Electricity Minister Kgosientsho Ramokgopa shared four plans to improve the Energy Availability Factor (EAF), noting that it is a key pillar of the Energy Action Plan.

Speaking with the Ministers in the Economic Cluster in the National Council of Provinces (NCOP) on Tuesday, the minister said that the energy company, Eskom has 14 coal-fired power stations alongside "one nuclear and a number of peaking plants in the country."

He explained that coal power stations provide 80% of the electricity generation in the country, hence the "EAF is indispensable to the resolution of the energy crisis," SANews reported.

According to the minister, the current efficiency level of these plants is 53% and Eskom has approved a strategy to ensure that the performance is improved to 60%. Each percentage is equivalent to 450MW, so a seven percentage of increase will equal 2,800MW.

Minister Ramokgopa went on to share three plans that aim towards increasing the EAF.

"The first one is to ensure that we are able to exploit the dispensation that allows Eskom to be able to invest in the maintenance of the assets, including the repurposing of power plants," Ramokgopa said. "The second one is to make sure that we redesign the procurement dispensation in the context of the crisis."

He explained that Eskom is facing delays in getting the units installed again for the operation, after being removed.

"We are failing to return these units on time and that is account of the fact that Eskom has to go through a third party to procure parts," he continued. "So, what we are introducing is that Eskom must go directly to the Original Equipment Manufacturer."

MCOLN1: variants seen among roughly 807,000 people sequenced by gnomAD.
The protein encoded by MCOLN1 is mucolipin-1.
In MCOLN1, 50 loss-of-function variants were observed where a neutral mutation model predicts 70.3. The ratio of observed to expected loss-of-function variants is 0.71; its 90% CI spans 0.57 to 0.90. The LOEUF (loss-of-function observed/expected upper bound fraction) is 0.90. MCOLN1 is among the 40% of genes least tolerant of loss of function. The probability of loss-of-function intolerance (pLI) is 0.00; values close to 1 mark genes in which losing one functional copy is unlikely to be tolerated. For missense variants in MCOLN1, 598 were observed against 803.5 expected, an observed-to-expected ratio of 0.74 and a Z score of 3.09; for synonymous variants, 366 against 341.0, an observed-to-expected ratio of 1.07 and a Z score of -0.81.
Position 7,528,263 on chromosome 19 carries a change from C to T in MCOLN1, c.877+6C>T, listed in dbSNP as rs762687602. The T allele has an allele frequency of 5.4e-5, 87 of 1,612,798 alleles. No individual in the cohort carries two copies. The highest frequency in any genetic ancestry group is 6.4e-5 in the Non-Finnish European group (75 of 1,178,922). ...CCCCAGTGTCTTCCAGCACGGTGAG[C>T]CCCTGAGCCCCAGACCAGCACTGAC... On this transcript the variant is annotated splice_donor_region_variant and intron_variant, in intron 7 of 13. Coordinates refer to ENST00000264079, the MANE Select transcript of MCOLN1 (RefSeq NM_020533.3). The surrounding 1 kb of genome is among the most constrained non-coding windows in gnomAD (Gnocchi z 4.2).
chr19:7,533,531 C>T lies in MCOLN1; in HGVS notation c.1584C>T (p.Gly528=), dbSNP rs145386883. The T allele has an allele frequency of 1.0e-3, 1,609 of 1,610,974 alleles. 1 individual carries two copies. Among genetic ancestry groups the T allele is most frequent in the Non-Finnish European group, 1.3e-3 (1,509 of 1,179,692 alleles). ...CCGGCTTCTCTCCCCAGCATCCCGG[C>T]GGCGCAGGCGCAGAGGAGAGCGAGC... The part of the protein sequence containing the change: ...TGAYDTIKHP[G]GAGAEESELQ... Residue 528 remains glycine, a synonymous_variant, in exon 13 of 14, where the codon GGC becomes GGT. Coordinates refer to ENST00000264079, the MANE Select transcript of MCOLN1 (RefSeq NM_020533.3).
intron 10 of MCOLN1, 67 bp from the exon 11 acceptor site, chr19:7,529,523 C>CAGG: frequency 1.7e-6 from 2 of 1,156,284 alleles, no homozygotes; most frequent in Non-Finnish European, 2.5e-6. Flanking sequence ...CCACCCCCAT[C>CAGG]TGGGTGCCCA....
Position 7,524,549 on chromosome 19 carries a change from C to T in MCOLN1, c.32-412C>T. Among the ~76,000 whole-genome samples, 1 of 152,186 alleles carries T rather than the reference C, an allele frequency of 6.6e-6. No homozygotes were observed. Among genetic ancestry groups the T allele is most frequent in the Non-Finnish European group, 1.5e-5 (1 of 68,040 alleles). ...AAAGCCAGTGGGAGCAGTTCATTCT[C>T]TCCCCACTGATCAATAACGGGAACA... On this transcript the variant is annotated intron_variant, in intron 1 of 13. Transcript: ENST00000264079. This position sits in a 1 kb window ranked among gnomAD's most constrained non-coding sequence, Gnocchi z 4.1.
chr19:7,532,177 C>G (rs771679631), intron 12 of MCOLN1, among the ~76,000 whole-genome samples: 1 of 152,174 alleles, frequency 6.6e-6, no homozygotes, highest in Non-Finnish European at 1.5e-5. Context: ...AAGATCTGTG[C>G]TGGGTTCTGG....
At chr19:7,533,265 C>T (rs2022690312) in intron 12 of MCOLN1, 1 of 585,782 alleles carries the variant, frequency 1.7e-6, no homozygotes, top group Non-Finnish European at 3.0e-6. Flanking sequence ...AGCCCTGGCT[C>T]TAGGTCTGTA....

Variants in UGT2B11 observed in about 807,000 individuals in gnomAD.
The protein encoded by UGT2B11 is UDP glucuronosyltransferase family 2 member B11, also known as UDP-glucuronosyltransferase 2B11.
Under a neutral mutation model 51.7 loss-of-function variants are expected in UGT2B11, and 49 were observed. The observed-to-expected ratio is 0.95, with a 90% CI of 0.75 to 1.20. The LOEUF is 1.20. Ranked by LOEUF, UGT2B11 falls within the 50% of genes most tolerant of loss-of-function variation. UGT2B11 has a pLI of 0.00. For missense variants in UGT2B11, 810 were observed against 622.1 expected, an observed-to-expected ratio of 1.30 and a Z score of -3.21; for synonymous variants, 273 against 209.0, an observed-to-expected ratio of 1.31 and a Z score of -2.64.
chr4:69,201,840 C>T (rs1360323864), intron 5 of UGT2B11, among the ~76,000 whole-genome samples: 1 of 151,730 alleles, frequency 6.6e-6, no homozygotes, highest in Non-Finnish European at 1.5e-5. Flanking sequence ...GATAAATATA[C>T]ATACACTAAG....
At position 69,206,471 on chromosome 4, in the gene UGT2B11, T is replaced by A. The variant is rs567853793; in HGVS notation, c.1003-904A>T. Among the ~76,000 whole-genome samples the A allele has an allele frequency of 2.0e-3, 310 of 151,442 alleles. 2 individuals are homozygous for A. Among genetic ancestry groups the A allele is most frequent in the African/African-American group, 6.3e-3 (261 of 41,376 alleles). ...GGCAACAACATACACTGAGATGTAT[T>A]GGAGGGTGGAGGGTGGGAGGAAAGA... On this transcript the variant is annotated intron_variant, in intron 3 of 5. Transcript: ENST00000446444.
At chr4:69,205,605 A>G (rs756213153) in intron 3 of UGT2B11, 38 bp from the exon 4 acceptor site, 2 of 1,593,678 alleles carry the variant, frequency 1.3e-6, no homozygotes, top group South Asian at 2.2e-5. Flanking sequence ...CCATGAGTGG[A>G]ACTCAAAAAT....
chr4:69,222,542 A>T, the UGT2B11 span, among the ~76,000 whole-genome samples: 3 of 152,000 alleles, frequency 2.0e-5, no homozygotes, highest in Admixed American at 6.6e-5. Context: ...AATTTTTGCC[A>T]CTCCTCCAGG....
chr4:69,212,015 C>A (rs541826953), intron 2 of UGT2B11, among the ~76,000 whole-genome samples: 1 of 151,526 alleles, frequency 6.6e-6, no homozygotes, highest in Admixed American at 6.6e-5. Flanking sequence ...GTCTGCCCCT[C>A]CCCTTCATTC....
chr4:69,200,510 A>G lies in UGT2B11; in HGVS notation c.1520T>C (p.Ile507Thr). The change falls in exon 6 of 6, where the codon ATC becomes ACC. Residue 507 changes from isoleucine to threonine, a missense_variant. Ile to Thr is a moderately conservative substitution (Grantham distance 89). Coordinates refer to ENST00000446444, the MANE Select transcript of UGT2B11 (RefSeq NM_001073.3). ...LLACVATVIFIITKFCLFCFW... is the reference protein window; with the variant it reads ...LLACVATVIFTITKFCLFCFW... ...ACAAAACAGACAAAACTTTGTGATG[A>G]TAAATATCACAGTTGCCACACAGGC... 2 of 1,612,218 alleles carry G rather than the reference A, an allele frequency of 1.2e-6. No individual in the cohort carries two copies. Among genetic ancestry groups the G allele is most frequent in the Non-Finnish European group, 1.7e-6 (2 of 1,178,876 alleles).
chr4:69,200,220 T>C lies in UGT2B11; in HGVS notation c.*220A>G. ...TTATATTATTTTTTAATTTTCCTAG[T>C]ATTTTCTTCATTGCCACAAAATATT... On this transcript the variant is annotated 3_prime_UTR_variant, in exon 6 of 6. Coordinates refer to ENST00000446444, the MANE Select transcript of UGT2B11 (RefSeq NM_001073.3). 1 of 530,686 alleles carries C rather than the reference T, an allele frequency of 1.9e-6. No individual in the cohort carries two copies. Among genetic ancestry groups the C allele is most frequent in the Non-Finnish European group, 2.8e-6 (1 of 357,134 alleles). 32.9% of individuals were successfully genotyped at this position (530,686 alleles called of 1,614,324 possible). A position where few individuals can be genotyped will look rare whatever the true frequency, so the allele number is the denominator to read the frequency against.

The third plan includes improving the coal quality used at the power plants. The minister claimed that there is more than 1,000MW capacity in the power plants but couldn't achieve it due to poor coal quality.

"We are designing a dispensation that will allow Eskom to truck in good quality coal so that we are able to unlock that 1,000MW," he added.

Minister Ramokgopa said these technical interventions will help to improve EAF while the government is working via the National Energy Crisis Committee to fix the "rampant corruption" at the power utility.

Aside from these plans, the minister said that they will also ensure that the employees working at Eskom, get more incentives so that the company will be able to "retain the kind of skills that are required to bolster our efforts to improve the performance of these plants."

"This includes drawing in private sector expertise to work with management at the plant level," Ramokgopa concluded.

South Africa is going through a major load-shedding crisis for more than a decade. There have been cases of theft and sabotage at power stations that contributed to the load-shedding problem.

Earlier this week, President Cyril Ramaphosa deployed 880 South African National Defence Force (SANDF) members to protect Eskom power stations across the country.

Electricity pylons are seen at the Kusile coal-fired power station in the Mpumalanga province